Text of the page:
Thirsting for Power
Power is defined the ability to do something or act in a particular way, especially as a faculty or quality. Each and every person possesses some type of power over another thing. Some people are content with not having any power whatsoever and then there are people whose entire lives revolve around that thirst and need for power. The latter is a description of two famous people in history, Malcolm X and Julius Caesar. Thirsting for power and wanting to much of a good thing can be very self-destructive. This thirst for power can cause people to be blinded but the reality of what is going on around them. Taking into consideration that both of these powerful leaders had this longing for power that ultimately leaded to their destruction we can identify many similarities and differences that may be relevant to their nature and the way they both lived, and died. The major difference between Julius Caesar and Malcolm X is obviously the time period in which they were from. Malcolm X was born in the early 20’s and Julius Caesar was born around 100 BC. These time periods are completely different eras from each other yet the thirst for power and a solid following was present in both of them. The thirst for power is something that has been around since man was created. A key similarity between these two leaders is that their thirst for power and their ability to have an influential effect on people’s lives was seen from a very early age. Caesar was born around 100 BC and by the time he was 18 had already been through and witnessed more than many people had that were in their later years of age. He was married to the daughter of a very noble man, fathered her child. Then was ordered to divorce her or be executed. Caesar refused to divorce Cornelia and her fathered ordered him to be executed which caused him to go into hiding. After escaping that event, barely with his life he was kidnapped in Grease Around 60BC is when his power really started to motivate his daily actions as well as increase the crazy thirst he had for power. “While sailing to Greece for further study, Caesar was kidnapped by Cilician pirates and held for ransom. When informed that they intended to ask for 20 talents, he is supposed to have insisted that he was worth at least 50. He maintained a friendly, joking relationship with the pirates while the money was being raised, but warned them that he would track them down and have them crucified after he was released. He did just that, with the help of volunteers, as a warning to other pirates, but he first cut their throats to lessen their suffering because they had treated him well,” (Yavetz). The experience of Caesar’s kidnapping helps us to see another similarity between him and Malcolm X. Both men were considered very wise, intellectual and eloquent speakers. This worked very much in their advantage. They were quick to think on their feet and were able to persuade and convince people very easily. This is a very useful skill regarding the thirst of power because in order to have power a person must also have support and some sort of following. This is needed in order for the power to grow and to help to protect the leader from enemies who are not so supportive or easily convinced. The fact that Caesar could be held captive by pirates, entertain and joke with them while warning them of their deaths that will come as revenge, shows so much about Caesar’s attitude.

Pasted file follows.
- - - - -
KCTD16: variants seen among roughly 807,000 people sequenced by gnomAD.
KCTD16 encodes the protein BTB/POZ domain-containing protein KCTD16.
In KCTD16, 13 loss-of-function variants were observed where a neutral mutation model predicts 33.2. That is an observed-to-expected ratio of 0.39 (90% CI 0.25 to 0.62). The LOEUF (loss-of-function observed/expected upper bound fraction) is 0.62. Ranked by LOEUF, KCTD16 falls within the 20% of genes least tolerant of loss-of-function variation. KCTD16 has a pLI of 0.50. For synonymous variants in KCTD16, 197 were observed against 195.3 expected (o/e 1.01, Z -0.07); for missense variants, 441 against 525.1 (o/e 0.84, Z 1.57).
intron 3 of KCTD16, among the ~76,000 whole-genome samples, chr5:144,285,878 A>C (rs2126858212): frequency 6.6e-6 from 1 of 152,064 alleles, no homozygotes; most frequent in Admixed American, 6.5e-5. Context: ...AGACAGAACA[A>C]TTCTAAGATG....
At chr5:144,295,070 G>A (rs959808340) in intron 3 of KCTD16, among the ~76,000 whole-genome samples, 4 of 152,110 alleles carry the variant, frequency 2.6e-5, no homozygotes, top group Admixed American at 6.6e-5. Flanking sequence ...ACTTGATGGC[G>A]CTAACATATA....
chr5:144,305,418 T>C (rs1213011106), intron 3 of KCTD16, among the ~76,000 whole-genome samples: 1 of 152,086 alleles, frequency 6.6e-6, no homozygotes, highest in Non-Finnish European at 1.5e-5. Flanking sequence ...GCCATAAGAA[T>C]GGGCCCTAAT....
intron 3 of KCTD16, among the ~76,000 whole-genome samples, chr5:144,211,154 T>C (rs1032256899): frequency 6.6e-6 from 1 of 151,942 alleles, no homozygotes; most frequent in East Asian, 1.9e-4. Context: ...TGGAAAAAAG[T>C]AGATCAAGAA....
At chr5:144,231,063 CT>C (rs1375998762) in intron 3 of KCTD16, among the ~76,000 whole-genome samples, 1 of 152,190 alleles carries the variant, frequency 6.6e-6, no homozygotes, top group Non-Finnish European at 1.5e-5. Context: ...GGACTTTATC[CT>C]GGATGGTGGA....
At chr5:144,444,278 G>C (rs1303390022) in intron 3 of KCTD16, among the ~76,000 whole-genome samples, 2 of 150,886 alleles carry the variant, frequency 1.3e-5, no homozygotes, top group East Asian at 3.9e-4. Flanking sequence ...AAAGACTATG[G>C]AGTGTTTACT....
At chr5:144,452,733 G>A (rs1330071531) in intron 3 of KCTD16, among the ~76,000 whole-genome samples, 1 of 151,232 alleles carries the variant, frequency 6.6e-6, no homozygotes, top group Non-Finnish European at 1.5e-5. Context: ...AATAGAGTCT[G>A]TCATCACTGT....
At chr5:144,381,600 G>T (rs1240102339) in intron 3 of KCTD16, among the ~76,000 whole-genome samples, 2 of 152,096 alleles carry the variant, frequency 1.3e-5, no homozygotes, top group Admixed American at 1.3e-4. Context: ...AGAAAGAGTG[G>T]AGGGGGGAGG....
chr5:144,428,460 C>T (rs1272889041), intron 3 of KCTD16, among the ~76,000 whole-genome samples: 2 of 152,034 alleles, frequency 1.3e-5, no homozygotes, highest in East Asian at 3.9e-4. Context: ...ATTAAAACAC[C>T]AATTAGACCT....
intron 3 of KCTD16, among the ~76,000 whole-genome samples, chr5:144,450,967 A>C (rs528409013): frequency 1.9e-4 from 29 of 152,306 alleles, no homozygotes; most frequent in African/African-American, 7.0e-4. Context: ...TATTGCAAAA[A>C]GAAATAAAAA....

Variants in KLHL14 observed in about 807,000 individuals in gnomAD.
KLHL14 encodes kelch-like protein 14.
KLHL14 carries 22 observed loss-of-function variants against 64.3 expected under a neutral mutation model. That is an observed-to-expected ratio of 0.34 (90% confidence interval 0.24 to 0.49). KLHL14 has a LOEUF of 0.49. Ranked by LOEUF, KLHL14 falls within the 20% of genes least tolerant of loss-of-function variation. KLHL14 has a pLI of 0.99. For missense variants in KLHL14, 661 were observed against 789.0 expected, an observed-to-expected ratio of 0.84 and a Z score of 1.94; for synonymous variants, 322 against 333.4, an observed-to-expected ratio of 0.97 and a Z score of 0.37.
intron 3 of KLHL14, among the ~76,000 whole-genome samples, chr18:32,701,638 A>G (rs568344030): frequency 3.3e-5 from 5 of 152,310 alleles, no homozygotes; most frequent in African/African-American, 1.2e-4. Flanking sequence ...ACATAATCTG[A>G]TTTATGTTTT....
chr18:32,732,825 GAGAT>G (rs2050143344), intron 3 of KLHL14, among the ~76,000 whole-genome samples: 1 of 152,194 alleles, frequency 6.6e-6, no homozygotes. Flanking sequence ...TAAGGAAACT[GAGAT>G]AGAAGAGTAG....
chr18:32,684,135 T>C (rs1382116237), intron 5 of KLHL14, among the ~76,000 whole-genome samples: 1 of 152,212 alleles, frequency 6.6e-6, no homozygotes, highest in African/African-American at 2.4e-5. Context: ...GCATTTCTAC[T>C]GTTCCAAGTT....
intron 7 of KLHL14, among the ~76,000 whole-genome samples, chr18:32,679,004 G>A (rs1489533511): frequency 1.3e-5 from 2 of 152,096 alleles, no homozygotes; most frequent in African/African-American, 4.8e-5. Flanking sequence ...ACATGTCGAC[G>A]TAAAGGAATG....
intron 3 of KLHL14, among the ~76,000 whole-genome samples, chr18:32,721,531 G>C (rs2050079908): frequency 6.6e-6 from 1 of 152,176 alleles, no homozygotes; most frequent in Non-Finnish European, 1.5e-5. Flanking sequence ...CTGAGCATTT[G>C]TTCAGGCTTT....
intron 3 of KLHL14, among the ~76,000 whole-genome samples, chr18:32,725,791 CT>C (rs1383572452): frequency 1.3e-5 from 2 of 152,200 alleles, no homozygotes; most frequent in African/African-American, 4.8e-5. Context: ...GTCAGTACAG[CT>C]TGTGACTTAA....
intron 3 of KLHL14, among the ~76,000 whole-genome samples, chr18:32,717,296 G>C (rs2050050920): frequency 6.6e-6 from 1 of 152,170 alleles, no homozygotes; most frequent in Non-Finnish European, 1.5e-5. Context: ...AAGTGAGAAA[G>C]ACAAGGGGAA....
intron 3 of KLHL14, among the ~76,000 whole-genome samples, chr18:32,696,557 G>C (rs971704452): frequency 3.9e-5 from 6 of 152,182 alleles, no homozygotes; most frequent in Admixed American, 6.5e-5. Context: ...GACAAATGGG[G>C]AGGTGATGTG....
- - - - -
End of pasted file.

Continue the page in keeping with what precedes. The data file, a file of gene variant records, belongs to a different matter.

In 72 BC Caesar was elected military tribune and then would go on to speak to the people at the funerals of his loved ones. Instead of putting much of the focus on those who died, those who were close to him, he made sure that the people that were listening acknowledged his noble past and bloodline (Kebrick). It was during this time that the thirst for power began to really be set in motion. It was at this time that he was beginning to gain more and more of a following and...
References: Malcolm, and George Breitman. Malcolm X speaks : selected speeches and statements. New York: Grove Weidenfeld, 1990. Print.
Kebric, Robert B. Roman People. Mountain View: Mayfield, 1993. Web.
Malcolm X. The Biography Channel website. 2014. Retrieved from http://www.biography.com/people/malcolm-x-9396195.
Yavetz, Zwi. Julius Caesar and His Public Image. Aspects of Greek and Roman Life. Ithaca: Cornell University Press, 1983. Web.
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